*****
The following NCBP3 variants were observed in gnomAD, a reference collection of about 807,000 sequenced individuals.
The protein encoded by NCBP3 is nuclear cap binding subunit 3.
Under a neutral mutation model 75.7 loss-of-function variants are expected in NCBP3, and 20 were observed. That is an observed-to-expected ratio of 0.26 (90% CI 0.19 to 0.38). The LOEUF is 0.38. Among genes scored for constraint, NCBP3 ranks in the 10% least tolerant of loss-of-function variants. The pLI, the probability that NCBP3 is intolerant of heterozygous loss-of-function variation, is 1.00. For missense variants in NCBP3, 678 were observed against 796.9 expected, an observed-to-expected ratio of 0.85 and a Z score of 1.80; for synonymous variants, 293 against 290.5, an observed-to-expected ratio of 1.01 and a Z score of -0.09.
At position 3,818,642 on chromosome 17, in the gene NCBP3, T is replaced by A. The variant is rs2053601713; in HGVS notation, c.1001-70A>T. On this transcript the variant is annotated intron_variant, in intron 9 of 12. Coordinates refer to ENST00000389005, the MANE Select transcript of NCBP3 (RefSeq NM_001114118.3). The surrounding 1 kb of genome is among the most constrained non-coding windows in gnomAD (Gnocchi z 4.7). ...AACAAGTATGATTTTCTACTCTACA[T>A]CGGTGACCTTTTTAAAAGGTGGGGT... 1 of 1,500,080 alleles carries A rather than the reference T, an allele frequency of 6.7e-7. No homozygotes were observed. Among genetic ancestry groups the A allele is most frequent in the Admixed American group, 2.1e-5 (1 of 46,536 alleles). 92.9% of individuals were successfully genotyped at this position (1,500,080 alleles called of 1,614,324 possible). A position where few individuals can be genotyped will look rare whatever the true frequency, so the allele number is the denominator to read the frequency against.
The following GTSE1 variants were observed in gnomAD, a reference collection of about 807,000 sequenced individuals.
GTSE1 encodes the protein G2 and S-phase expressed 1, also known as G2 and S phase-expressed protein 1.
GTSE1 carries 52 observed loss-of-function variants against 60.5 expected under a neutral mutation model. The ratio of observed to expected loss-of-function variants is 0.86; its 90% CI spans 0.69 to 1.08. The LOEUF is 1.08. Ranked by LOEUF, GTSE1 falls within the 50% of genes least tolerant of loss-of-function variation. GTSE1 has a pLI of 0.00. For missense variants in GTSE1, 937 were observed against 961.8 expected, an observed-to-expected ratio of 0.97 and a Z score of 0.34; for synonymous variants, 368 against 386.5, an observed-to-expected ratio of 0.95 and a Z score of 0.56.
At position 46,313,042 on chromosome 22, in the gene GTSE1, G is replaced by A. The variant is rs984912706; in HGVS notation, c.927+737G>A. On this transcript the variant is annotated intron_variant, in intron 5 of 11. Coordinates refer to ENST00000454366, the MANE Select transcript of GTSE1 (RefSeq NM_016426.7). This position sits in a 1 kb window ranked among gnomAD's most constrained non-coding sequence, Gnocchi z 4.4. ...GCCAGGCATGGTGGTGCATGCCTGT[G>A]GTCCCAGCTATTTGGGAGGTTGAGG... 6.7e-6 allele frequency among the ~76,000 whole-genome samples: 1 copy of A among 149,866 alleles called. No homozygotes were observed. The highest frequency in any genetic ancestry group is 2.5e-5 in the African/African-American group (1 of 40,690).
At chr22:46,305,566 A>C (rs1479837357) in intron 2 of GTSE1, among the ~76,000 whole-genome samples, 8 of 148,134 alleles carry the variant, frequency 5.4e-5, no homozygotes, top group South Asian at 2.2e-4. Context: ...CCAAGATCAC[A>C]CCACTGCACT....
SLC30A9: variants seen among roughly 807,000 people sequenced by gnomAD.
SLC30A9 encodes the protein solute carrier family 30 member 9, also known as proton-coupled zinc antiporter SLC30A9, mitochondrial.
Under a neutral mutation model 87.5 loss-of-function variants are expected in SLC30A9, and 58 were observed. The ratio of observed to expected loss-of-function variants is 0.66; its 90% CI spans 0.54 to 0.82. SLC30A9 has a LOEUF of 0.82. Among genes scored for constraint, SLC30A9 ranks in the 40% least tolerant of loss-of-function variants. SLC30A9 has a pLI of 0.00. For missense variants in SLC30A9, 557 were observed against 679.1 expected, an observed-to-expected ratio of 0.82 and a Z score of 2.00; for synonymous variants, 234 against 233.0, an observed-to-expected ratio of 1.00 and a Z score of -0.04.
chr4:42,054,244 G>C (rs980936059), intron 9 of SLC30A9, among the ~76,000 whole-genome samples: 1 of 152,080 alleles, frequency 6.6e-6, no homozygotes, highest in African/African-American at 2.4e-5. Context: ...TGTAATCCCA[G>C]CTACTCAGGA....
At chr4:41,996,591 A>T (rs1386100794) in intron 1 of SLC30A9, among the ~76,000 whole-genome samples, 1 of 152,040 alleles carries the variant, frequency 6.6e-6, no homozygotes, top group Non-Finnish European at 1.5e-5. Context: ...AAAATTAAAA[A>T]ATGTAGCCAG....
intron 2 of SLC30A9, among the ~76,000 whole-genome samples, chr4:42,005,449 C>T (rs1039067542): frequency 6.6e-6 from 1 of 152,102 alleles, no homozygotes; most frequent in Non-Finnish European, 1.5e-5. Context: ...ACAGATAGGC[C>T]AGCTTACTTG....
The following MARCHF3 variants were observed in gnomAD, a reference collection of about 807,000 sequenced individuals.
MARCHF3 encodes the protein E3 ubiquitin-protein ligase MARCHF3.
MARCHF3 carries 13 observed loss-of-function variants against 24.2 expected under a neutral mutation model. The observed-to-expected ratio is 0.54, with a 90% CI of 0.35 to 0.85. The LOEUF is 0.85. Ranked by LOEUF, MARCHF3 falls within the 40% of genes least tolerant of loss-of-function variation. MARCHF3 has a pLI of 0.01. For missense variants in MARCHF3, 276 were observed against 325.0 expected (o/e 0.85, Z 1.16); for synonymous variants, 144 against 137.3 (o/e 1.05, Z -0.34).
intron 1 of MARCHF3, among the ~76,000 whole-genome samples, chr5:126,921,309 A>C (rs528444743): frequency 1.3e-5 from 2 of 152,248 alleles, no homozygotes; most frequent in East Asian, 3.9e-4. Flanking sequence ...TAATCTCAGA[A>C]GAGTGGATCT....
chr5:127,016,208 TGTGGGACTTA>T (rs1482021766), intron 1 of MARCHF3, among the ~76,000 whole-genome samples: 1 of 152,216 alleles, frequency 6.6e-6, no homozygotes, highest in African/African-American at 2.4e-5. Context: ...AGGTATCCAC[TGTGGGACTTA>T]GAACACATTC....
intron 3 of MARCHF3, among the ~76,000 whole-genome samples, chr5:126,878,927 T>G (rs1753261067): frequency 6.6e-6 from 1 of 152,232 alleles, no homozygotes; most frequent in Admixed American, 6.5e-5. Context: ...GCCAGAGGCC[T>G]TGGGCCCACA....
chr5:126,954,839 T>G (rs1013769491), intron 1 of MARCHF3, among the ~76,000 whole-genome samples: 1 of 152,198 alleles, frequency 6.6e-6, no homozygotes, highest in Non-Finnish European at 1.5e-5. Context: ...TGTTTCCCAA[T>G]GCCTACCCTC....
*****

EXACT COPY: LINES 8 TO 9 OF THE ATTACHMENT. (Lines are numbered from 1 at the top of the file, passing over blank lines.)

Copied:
At position 46,313,042 on chromosome 22, in the gene GTSE1, G is replaced by A. The variant is rs984912706; in HGVS notation, c.927+737G>A. On this transcript the variant is annotated intron_variant, in intron 5 of 11. Coordinates refer to ENST00000454366, the MANE Select transcript of GTSE1 (RefSeq NM_016426.7). This position sits in a 1 kb window ranked among gnomAD's most constrained non-coding sequence, Gnocchi z 4.4. ...GCCAGGCATGGTGGTGCATGCCTGT[G>A]GTCCCAGCTATTTGGGAGGTTGAGG... 6.7e-6 allele frequency among the ~76,000 whole-genome samples: 1 copy of A among 149,866 alleles called. No homozygotes were observed. The highest frequency in any genetic ancestry group is 2.5e-5 in the African/African-American group (1 of 40,690).
At chr22:46,305,566 A>C (rs1479837357) in intron 2 of GTSE1, among the ~76,000 whole-genome samples, 8 of 148,134 alleles carry the variant, frequency 5.4e-5, no homozygotes, top group South Asian at 2.2e-4. Context: ...CCAAGATCAC[A>C]CCACTGCACT....